Advertisement

Sweeten the pot

  • Sweeten the pot is an idiom that is about 100 years old. An idiom is a word, group of words or phrase that has a figurative meaning that is not easily deduced from its literal definition. Often using descriptive imagery or metaphors, common idioms are words and phrases used in the English language in order to convey a concise idea, and are often spoken or are considered informal or conversational. English idioms can illustrate emotion more quickly than a phrase that has a literal meaning, even when the etymology or origin of the idiomatic expression is lost. An idiom is a metaphorical figure of speech, and it is understood that it is not a use of literal language. Figures of speech have definitions and connotations that go beyond the literal meaning of the words. Mastery of the turn of phrase of an idiom, which may use slang words, or other parts of speech is essential for the English learner. Many English as a Second Language students do not understand idiomatic expressions such as in a blue moon, spill the beans, let the cat out of the bag, in the same boat, bite the bullet, barking up the wrong tree, kick the bucket, hit the nail on the head, face the music, under the weather, piece of cake, when pigs fly, and raining cats and dogs, as they attempt to translate them word for word, which yields only the literal meaning. English phrases that are idioms should not be taken literally. In addition to learning vocabulary and grammar, one must understand the phrasing of the figurative language of idiomatic phrases in order to know English like a native speaker. We will examine the meaning of the idiom sweeten the pot, where it came from, and some examples of its use in sentences.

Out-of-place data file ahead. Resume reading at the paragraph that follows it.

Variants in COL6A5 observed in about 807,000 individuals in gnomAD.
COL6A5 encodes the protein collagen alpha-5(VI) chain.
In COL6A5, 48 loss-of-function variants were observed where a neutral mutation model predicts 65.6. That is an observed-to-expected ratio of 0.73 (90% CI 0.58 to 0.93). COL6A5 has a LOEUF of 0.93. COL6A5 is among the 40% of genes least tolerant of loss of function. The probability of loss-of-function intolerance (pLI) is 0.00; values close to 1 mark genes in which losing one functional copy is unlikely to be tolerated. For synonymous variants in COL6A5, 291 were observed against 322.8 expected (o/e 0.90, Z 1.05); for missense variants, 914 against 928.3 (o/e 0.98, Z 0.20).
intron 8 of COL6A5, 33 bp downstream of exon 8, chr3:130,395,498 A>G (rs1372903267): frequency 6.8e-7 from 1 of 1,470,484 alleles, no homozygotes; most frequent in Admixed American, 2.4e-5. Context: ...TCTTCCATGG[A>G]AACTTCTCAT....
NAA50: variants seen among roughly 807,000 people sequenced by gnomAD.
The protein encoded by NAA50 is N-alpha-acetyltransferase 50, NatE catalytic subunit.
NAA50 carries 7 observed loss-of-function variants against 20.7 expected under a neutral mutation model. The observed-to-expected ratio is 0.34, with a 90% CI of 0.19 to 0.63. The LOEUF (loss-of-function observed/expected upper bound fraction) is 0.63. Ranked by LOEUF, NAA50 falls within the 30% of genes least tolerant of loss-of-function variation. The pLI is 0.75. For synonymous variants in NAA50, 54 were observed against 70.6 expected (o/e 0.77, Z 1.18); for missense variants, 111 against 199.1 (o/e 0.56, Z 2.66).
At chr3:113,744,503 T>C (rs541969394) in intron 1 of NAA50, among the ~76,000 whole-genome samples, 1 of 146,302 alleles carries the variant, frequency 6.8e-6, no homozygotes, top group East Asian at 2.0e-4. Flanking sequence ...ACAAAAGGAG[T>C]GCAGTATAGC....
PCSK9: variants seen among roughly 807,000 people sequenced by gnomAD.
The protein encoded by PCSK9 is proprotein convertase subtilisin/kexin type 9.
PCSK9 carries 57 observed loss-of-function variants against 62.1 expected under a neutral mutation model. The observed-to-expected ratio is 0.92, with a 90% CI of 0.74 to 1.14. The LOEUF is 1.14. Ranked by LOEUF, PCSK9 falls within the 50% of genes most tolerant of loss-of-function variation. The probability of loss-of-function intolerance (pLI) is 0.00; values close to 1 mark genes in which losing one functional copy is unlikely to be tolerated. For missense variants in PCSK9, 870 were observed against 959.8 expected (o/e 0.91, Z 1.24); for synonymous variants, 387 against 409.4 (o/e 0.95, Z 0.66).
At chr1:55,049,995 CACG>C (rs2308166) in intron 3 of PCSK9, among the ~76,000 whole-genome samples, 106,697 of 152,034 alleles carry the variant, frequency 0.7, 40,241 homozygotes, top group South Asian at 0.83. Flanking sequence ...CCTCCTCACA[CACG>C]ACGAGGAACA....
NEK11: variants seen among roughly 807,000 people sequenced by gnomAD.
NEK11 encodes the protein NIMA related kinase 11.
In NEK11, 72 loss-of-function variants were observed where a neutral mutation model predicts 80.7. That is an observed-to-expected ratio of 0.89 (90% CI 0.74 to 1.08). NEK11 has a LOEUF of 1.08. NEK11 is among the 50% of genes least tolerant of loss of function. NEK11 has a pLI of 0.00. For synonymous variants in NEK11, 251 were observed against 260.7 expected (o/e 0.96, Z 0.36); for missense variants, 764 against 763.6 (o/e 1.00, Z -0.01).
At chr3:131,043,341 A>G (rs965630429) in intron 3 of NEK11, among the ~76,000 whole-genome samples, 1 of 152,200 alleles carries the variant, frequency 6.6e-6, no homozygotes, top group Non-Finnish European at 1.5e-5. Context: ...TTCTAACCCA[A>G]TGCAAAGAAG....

Sweeten the pot means to make something more tempting, to make something more attractive. For instance, a car salesman might sweeten the pot by adding free floor mats to his offer to entice a customer to buy his car. Sweeten the pot is an idiom that has been in use since the early 1900s and is derived from gambling card games. The pot, in this instance, is the money that has been bet. One may sweeten the pot by adding to its value with a higher bet. Related expressions are sweetens the pot, sweetened the pot, sweetening the pot.

    Advertisement

    Examples

    With few buyers, sellers were also forced to sweeten the pot, driving the WTI May contract into negative territory for the first time in history — as sellers paid buyers more than $30 a barrel to take delivery of the commodity. (Investor’s Business Daily)

    To sweeten the pot even more, the winner of this episode’s challenge also lands a collaboration with the Puma label. (The Los Angeles Times)

    She then sweetened the pot, adding she might be able to throw in “maybe a signed jersey, a smile and guaranteed good Karma.” (The Welland Tribune)

    There’s also the possibility, if a team like the Seahawks or Titans sweetens the pot to come close to his revised price point, he will take the deal and sign on for the long haul. (Sports Illustrated)


    About Grammarist
    Contact | Privacy policy | Home
    © Copyright 2009-2014 Grammarist